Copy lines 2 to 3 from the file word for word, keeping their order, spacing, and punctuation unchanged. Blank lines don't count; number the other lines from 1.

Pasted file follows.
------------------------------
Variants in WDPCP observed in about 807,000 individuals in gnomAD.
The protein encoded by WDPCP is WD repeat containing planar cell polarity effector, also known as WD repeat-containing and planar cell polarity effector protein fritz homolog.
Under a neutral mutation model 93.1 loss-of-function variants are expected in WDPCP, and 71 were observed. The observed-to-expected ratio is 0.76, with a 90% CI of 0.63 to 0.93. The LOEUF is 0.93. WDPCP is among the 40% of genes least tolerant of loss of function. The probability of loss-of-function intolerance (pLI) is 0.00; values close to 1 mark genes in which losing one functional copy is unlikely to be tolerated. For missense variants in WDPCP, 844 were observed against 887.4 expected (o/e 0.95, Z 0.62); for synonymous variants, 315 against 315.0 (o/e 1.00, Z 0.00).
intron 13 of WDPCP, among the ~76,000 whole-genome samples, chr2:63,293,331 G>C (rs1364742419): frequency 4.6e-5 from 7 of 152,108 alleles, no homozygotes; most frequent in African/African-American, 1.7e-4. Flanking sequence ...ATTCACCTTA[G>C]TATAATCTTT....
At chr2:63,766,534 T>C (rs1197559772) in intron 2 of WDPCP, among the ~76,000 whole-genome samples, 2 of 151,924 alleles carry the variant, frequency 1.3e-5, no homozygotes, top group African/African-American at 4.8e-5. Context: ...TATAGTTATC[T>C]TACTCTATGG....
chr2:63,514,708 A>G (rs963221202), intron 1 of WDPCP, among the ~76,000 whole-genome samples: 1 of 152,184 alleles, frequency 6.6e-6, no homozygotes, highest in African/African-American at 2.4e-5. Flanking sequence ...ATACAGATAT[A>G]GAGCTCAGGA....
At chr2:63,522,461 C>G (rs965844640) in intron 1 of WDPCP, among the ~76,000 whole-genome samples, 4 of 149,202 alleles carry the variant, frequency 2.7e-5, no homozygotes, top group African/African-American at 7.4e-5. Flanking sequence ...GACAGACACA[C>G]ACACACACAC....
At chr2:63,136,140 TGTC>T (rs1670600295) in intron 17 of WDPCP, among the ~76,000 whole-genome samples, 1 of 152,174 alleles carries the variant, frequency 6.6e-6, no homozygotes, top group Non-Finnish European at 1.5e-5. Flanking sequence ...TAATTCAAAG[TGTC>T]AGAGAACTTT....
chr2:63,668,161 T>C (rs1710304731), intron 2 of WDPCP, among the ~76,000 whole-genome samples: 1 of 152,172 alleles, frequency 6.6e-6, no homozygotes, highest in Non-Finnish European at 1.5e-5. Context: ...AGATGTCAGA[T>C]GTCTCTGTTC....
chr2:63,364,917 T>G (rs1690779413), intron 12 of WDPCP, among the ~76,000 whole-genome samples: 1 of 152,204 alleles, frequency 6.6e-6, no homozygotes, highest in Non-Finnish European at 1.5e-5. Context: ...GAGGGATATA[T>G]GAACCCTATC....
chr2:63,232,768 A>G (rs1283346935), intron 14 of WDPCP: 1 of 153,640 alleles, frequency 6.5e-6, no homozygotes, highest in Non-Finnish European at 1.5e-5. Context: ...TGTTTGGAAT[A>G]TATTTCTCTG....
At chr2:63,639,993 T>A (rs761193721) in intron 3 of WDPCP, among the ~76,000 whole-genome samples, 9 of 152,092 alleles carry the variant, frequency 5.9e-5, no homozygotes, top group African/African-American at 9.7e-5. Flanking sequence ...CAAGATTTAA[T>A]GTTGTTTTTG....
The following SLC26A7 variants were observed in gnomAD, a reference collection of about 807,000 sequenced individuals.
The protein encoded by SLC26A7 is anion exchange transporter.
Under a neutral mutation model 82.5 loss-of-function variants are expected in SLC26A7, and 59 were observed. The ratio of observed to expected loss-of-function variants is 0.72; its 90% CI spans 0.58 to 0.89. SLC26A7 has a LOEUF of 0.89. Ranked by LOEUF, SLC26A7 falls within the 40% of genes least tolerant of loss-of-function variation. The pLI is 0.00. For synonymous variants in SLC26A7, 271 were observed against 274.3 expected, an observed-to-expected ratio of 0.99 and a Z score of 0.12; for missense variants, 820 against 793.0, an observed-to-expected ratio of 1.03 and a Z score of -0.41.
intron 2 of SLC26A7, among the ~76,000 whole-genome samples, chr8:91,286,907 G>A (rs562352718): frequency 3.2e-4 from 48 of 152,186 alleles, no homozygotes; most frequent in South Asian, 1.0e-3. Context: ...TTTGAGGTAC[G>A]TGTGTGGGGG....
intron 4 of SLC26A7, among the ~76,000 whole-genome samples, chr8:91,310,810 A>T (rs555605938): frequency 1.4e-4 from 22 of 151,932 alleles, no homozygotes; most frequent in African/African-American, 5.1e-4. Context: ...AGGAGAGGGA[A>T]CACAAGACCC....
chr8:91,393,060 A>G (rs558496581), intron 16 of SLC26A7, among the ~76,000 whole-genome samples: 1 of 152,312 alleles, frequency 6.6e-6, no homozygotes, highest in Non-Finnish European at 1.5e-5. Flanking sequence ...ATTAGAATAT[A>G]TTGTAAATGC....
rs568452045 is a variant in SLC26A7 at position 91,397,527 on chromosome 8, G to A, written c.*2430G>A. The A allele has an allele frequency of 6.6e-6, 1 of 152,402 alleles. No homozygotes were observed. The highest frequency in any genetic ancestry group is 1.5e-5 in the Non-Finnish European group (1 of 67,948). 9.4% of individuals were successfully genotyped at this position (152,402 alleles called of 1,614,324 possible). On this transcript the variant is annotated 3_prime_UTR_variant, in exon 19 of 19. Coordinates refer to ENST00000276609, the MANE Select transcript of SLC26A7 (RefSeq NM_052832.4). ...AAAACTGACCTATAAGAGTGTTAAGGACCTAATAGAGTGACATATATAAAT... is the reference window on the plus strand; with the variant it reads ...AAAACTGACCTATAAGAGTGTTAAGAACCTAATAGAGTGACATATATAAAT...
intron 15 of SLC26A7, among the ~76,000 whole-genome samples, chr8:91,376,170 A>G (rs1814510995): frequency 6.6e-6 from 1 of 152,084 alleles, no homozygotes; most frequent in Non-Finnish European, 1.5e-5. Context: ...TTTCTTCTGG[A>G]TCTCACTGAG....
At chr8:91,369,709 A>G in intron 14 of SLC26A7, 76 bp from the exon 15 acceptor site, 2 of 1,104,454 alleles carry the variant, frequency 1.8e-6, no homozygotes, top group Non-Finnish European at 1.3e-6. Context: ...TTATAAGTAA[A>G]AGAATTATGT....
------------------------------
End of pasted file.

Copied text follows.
The protein encoded by WDPCP is WD repeat containing planar cell polarity effector, also known as WD repeat-containing and planar cell polarity effector protein fritz homolog.
Under a neutral mutation model 93.1 loss-of-function variants are expected in WDPCP, and 71 were observed. The observed-to-expected ratio is 0.76, with a 90% CI of 0.63 to 0.93. The LOEUF is 0.93. WDPCP is among the 40% of genes least tolerant of loss of function. The probability of loss-of-function intolerance (pLI) is 0.00; values close to 1 mark genes in which losing one functional copy is unlikely to be tolerated. For missense variants in WDPCP, 844 were observed against 887.4 expected (o/e 0.95, Z 0.62); for synonymous variants, 315 against 315.0 (o/e 1.00, Z 0.00).